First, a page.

Image courtesy of dBm

Wide Bandwidth Emulator Aids Satellite Testing

Sept. 22, 2016
A line of satellite link emulators provides the means of checking the performance of a satcom system when faced with different types of signal errors and distortion.

While numerous conversations on the EDI CON 2016 exhibition floor turned to the growing needs for broadband communications, at least one exhibit revealed solutions for handling measurements with increased bandwidth.

The model SLE900 Satellite Link Emulator from dBm Corp. also follows a trend in designing test equipment in a modular fashion for feature flexibility. The signal source is geared for testing satellite-communications (satcom) system testing and can be configured with 1, 2, 3, or 4 independent channels and with center frequencies of 70 and 140 MHz with 72-MHz bandwidth, 140 MHz with 125-MHz bandwidth, and 1200 MHz with 250-MHz bandwidth, for emulating the link signal conditions of different satcom systems.

On display and demonstration at EDI CON 2016 Booth #713, the link emulator provides as many as six taps per channel. The instrument uses those wide-bandwidth signal channels to provide sitcom-like signals for testing, with link impairments that include delays, Doppler shifts, attenuation/loss, phase errors, multipath distortion, and additive white Gaussian noise (AWGN). The instrument can be used in different modes, such as static mode where the link impairments are set to fixed values, and dynamic mode where data files can be loaded from an Ethernet connection for changing conditions of link signals.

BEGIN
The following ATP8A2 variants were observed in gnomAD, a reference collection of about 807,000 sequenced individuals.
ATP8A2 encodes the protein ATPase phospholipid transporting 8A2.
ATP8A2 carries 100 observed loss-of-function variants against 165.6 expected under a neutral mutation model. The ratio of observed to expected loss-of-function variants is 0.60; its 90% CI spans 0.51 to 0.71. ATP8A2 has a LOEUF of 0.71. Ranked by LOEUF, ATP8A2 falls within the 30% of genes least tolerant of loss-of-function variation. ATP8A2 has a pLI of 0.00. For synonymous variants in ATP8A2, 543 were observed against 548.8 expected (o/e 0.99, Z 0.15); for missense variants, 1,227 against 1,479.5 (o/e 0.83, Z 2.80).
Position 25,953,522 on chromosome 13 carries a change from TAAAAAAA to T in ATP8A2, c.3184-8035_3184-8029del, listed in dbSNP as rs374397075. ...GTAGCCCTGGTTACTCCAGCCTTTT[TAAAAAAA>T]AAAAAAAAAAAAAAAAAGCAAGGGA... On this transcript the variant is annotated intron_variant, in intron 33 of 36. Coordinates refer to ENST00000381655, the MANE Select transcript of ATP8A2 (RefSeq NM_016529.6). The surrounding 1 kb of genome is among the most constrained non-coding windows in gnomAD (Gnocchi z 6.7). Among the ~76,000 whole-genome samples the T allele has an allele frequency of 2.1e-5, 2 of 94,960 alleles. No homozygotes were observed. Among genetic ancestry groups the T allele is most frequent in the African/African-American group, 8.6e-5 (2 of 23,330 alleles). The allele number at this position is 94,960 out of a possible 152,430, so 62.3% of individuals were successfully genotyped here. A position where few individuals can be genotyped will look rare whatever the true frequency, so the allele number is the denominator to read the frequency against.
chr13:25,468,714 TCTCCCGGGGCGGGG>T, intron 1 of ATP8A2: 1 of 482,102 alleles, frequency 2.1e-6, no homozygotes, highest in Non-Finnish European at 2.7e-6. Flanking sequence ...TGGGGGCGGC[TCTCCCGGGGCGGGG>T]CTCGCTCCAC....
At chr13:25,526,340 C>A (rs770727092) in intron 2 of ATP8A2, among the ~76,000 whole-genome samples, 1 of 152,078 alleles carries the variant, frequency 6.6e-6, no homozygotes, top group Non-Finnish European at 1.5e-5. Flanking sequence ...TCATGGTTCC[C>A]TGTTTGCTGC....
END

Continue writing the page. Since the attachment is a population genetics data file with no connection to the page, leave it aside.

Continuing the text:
As much as 1400 ms delay can be added per channel, depending upon model, with typical noise floor of -141 dBm/Hz. Signal attenuation can be set from 0 to 70 dB with 0.1-dB resolution. The phase offset range is 0 to 180 deg., adjustable with 1-deg. resolution. The link emulators feature excellent frequency accuracy, thanks to a 10-MHz internal frequency reference. They can be remotely controlled via test software of choice of the firm’s SleControl software provided with each instrument. 

About the Author

Jack Browne | Technical Contributor

Jack Browne, Technical Contributor, has worked in technical publishing for over 30 years. He managed the content and production of three technical journals while at the American Institute of Physics, including Medical Physics and the Journal of Vacuum Science & Technology. He has been a Publisher and Editor for Penton Media, started the firm’s Wireless Symposium & Exhibition trade show in 1993, and currently serves as Technical Contributor for that company's Microwaves & RF magazine. Browne, who holds a BS in Mathematics from City College of New York and BA degrees in English and Philosophy from Fordham University, is a member of the IEEE.

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